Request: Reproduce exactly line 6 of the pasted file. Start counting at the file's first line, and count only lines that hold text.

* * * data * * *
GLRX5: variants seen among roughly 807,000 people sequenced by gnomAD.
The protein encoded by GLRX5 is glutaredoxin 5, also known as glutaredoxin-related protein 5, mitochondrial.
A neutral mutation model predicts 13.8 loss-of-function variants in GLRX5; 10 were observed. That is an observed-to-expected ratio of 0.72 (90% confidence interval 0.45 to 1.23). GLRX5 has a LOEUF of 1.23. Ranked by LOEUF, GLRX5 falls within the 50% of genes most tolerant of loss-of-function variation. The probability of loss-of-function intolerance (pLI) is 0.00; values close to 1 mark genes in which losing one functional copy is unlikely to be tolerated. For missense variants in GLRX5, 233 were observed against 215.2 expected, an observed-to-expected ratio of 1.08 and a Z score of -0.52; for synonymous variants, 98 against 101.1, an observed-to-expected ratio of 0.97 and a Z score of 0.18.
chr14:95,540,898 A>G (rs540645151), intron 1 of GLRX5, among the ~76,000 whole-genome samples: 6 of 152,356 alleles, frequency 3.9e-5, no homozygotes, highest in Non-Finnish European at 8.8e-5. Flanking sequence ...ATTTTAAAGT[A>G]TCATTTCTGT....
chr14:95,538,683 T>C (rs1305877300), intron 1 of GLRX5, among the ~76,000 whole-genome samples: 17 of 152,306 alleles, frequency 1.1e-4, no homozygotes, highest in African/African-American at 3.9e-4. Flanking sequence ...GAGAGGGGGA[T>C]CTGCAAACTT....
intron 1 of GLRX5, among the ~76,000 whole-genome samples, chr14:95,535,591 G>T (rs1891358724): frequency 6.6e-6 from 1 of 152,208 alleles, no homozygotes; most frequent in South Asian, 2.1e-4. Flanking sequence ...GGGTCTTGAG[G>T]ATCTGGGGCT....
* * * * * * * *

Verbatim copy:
intron 1 of GLRX5, among the ~76,000 whole-genome samples, chr14:95,535,591 G>T (rs1891358724): frequency 6.6e-6 from 1 of 152,208 alleles, no homozygotes; most frequent in South Asian, 2.1e-4. Flanking sequence ...GGGTCTTGAG[G>T]ATCTGGGGCT....